Science Fair Project Encyclopedia
The Grand Place (French: Grand-Place or Grand Place, Dutch: Grote Markt) is the central market square of Brussels. It is surrounded by guild houses, the city's spectacular town hall and the King's House (Dutch: Broodhuis, French: Maison du Roi). The market square is the most important tourist destination in Brussels.
The town hall was constructed between 1402 and 1455. The original architect was probably Jacob van Thienen. The gothic tower was designed by architect Jan van Ruysbroeck. At the top of the tower stands a statue of St. Michael, the patron of Brussels.
In the 13th century the predecessor of the King's House was a wooden building where the bakers sold their bread in a covered market: the Dutch name Broodhuis recalls this function. It was replaced in the 15th century by a stone building for the administration of the duke of Brabant; when the dukedom fell to the Habsburgs, the Maison du duc became the Maison du Roi. In 1873, the city entrusted architect Victor Jamaer to restore the battered structure in neo-gothic style.
The Grand Place was first laid out after the construction of the town hall, at the centre of the city's commercial district. Neighboring streets still reflect the area's origins, named after the sellers of butter, cheese, herring, coal and so on. The original Grand Place was a medley of buildings constructed between the 15th and 17th centuries in a variety of styles.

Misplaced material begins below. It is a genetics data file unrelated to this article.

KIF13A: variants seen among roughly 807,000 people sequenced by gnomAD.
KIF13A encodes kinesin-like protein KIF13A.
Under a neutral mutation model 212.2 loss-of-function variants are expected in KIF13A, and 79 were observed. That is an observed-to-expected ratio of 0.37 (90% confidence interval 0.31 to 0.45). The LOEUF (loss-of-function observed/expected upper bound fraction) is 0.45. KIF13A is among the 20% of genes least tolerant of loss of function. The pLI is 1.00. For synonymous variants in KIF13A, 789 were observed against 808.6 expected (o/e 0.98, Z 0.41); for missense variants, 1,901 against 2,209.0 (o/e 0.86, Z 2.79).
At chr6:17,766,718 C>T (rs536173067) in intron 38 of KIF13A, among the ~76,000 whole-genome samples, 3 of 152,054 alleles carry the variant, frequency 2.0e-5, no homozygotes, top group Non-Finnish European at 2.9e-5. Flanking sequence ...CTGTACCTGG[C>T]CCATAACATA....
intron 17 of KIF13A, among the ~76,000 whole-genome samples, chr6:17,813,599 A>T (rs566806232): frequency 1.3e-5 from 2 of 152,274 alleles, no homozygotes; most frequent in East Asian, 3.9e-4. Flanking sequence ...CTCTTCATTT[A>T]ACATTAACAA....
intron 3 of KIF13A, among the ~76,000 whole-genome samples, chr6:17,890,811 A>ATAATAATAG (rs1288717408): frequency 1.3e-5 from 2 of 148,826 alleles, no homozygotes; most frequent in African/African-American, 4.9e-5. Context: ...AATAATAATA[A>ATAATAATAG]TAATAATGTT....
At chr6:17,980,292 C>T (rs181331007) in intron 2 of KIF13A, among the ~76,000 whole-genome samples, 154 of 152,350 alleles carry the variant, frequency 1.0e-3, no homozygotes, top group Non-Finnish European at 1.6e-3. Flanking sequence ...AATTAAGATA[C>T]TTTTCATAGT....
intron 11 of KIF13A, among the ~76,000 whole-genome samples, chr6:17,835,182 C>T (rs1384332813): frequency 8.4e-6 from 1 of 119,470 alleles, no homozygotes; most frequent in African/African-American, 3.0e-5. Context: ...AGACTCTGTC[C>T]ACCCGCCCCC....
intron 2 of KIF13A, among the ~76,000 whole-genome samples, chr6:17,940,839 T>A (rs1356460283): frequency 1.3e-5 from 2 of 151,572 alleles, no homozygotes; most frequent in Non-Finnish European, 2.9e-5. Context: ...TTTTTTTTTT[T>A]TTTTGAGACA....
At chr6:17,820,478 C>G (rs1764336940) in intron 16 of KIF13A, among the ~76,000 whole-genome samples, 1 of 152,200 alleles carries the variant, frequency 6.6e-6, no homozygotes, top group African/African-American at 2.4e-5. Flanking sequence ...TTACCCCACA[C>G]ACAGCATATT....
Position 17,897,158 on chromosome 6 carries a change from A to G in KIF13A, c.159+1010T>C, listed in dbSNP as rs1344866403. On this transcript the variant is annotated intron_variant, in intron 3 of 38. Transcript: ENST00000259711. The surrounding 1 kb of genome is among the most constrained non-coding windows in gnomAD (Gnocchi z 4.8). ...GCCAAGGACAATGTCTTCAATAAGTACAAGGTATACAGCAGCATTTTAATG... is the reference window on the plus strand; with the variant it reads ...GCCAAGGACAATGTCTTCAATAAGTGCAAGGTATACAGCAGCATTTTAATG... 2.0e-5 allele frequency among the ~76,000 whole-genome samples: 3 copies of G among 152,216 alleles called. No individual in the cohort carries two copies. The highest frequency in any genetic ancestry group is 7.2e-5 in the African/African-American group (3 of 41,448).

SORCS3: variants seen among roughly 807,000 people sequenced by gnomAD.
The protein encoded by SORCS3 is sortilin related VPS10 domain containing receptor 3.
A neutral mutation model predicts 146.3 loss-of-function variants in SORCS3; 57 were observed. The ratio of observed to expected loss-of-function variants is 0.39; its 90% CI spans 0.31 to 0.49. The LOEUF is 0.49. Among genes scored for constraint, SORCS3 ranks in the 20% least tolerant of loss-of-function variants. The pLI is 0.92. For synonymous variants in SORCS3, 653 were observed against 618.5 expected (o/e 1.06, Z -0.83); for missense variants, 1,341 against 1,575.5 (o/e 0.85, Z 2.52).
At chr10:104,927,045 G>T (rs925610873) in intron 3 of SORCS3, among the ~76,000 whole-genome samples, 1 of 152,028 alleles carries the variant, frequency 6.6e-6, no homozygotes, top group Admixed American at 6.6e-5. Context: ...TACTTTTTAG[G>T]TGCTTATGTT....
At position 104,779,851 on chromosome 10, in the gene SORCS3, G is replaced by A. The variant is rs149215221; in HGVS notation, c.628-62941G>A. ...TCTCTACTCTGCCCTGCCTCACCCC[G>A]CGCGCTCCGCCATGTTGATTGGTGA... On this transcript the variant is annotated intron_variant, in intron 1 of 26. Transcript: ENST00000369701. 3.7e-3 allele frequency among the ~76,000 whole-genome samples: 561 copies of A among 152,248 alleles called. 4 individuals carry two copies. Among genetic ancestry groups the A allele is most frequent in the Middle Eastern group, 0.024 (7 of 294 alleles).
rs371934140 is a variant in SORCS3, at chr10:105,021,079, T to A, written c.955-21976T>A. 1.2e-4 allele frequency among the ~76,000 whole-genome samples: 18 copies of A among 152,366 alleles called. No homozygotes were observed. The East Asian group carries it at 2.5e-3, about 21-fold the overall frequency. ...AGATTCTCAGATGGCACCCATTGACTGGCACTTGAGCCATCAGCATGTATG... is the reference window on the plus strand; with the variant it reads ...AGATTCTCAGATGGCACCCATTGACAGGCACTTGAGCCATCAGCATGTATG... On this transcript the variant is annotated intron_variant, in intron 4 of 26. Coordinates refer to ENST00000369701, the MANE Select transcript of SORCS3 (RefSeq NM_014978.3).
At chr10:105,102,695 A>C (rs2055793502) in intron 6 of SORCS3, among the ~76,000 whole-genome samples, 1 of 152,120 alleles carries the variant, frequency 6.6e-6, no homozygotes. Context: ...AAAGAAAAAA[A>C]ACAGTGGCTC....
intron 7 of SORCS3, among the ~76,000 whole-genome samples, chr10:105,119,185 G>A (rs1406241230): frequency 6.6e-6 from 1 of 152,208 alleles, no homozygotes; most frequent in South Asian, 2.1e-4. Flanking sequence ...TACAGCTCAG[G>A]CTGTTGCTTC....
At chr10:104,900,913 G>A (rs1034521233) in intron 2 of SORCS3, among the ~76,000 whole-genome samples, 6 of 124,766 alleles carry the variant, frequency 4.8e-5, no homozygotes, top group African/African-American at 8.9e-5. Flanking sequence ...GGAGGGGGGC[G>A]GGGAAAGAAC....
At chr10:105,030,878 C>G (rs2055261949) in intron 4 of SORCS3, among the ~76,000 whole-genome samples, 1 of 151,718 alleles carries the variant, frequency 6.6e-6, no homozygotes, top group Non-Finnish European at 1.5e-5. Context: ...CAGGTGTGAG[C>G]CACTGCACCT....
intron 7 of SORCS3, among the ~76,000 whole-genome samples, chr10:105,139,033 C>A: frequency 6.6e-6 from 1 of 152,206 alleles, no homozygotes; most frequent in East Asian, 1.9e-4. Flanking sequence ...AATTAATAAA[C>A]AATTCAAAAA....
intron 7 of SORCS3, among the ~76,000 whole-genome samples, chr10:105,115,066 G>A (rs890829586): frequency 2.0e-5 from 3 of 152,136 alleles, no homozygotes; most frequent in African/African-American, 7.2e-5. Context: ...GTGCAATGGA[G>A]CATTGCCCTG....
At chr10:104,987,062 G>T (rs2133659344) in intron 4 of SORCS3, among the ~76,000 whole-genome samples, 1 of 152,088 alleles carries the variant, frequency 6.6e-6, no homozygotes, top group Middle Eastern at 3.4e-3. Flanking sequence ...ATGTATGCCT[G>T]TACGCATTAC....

On August 13, 1695, a 70,000-strong French army under Marshal François de Neufville, Duke of Villeroy attacked Brussels in retaliation for the League of Augsburg's attack on French-held Namur in what is now southern Belgium. The French launched a massive bombardment of the city centre with cannons and mortars, setting it on fire and flattening the majority of the Grand Place. Only the tower of the town hall and a few fragments of other buildings remained standing.
The square was rebuilt in the following four years by the city's guilds. Their efforts were regulated by the city councilors and the Governor of Brussels, who required that their plans be submitted to the authorities for their approval. This helped to deliver a remarkably harmonious layout for the rebuilt Grand Place, despite the ostensibly clashing combination of Gothic, Baroque and Louis XIV styles.
- Unesco page related to the Grand-Place
- Virtual visit, photos and webcam of the Grand Place
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